Poser Malware

Some of the craftiest submissions were not actual malware but still triggered a ClamAV signature, taking the concept of free NCT to another level. These crafty participants were able to take a benign artifact and modify the signature such that the program believed it was malicious. Hopefully these security experts will be the ones to build engines that are able to detect the same scheme they used in the opposition direction — malware hiding as a benign file — in the PolySwarm market!

The Non-Malware

The 10 percent of submissions that were not malware were either empty, a random artifact, or cat pictures (obviously). Check out some of the many pictures submitted below!

The Biggest Target: Windows OS For The Win

It’s no secret that most malware targets Windows operating systems, and that was no different in our bounty program. The reasons why? There are a number of them, including:

  1. As the most widely used OS, especially by enterprises, the most value is held in these systems.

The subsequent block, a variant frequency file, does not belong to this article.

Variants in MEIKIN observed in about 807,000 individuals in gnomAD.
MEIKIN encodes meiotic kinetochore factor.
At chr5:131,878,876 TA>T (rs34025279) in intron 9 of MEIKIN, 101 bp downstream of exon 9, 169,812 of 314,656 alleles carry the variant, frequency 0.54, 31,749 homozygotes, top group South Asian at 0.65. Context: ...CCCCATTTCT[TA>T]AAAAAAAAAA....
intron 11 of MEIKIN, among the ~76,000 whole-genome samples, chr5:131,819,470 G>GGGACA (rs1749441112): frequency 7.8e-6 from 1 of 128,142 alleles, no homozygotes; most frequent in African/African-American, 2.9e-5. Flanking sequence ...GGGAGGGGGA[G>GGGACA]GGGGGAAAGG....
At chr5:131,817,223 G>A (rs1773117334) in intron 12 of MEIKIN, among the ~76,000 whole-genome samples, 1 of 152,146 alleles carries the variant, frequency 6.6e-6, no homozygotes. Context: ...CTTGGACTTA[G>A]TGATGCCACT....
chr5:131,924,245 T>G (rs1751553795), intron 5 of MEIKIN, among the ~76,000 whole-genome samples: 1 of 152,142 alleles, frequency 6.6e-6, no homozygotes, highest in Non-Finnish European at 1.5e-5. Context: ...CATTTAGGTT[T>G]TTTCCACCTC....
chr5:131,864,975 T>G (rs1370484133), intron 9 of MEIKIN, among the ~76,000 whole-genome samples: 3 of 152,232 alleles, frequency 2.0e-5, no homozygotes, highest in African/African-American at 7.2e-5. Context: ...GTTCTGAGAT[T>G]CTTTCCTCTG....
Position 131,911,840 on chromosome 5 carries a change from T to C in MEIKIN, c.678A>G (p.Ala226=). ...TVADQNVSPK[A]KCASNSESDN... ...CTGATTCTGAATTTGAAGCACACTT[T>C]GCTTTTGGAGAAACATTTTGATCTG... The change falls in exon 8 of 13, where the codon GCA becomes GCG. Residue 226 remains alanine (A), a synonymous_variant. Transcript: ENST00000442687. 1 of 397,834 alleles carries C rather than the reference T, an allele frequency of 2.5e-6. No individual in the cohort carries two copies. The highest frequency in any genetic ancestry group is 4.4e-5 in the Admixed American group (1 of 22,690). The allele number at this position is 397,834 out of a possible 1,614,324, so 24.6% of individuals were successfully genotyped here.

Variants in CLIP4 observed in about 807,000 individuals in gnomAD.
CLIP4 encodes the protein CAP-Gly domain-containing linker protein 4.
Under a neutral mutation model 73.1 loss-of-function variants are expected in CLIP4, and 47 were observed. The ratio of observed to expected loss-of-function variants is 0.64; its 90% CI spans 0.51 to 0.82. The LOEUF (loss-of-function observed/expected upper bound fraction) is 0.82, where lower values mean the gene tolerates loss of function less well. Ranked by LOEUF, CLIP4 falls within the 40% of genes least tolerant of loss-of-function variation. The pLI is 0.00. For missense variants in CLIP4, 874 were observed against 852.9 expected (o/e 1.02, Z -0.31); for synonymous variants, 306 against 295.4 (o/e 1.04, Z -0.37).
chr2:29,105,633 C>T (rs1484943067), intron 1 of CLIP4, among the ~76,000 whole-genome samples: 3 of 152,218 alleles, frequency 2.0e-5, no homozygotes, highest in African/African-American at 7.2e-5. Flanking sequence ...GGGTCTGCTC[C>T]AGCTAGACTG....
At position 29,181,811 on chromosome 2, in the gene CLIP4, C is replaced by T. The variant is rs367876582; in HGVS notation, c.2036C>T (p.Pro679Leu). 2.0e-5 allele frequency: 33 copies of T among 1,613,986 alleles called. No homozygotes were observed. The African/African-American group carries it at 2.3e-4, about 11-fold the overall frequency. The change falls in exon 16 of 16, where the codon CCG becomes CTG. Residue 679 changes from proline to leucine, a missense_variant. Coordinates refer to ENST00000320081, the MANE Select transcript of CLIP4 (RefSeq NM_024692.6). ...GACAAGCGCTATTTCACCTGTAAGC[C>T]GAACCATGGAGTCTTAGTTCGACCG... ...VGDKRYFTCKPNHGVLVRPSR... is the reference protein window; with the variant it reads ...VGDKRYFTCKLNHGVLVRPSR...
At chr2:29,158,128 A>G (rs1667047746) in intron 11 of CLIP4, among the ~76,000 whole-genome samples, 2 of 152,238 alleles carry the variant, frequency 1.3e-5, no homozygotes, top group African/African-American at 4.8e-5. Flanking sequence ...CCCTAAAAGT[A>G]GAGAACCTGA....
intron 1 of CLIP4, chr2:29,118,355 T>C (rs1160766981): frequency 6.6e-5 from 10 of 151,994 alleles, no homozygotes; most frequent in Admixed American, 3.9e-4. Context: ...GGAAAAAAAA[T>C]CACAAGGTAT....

2. Windows emphasizes backwards compatibility, which introduces wrinkles in security posture.
  3. There is momentum behind these hacks. Windows has been targeted for quite some time, and hackers have released documentation and open-source tools to do so.
  4. Application distribution is not held in a common, trusted store, rather users often download apps directly from the Internet.

A blog post on ‘Why Most Malware is Designed for Windows’ is coming soon!

The Participants

We’re thrilled to have people join in from 33 countries around the world. We had the most sign-ups and participants from the Netherlands, Great Britain, Australia, Russia, and Ireland.

Our all-star participants who were awarded Binary Ninja licenses, represented many different corners of the world as well, coming from:

  1. Great Britain
  2. Belgium
  3. South Korea
  4. Ireland
  5. South Korea
  6. Pakistan
  7. Australia
  8. Netherlands
  9. Ireland

We’re very happy with the results of our first bounty program and are excited to get Phase 2 up and running! Stay tuned for more details about other upcoming contests and competitions and the latest updates on PolySwarm, as well! Follow us on Twitter and Telegram so you never miss an announcement!